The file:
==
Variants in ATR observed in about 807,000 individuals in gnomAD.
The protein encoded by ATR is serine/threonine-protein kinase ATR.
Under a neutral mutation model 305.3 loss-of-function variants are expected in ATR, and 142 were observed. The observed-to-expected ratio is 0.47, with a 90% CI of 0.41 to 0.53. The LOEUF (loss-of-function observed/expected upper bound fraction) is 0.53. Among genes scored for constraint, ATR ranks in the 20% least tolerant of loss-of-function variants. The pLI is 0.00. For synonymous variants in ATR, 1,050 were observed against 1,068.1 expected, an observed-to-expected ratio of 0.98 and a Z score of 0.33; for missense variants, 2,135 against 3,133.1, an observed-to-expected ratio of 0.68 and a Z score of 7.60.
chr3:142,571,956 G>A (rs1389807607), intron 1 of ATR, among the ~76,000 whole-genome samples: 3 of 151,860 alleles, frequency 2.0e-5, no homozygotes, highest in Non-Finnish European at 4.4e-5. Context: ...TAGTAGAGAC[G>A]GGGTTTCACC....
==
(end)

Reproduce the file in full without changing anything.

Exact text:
Variants in ATR observed in about 807,000 individuals in gnomAD.
The protein encoded by ATR is serine/threonine-protein kinase ATR.
Under a neutral mutation model 305.3 loss-of-function variants are expected in ATR, and 142 were observed. The observed-to-expected ratio is 0.47, with a 90% CI of 0.41 to 0.53. The LOEUF (loss-of-function observed/expected upper bound fraction) is 0.53. Among genes scored for constraint, ATR ranks in the 20% least tolerant of loss-of-function variants. The pLI is 0.00. For synonymous variants in ATR, 1,050 were observed against 1,068.1 expected, an observed-to-expected ratio of 0.98 and a Z score of 0.33; for missense variants, 2,135 against 3,133.1, an observed-to-expected ratio of 0.68 and a Z score of 7.60.
chr3:142,571,956 G>A (rs1389807607), intron 1 of ATR, among the ~76,000 whole-genome samples: 3 of 151,860 alleles, frequency 2.0e-5, no homozygotes, highest in Non-Finnish European at 4.4e-5. Context: ...TAGTAGAGAC[G>A]GGGTTTCACC....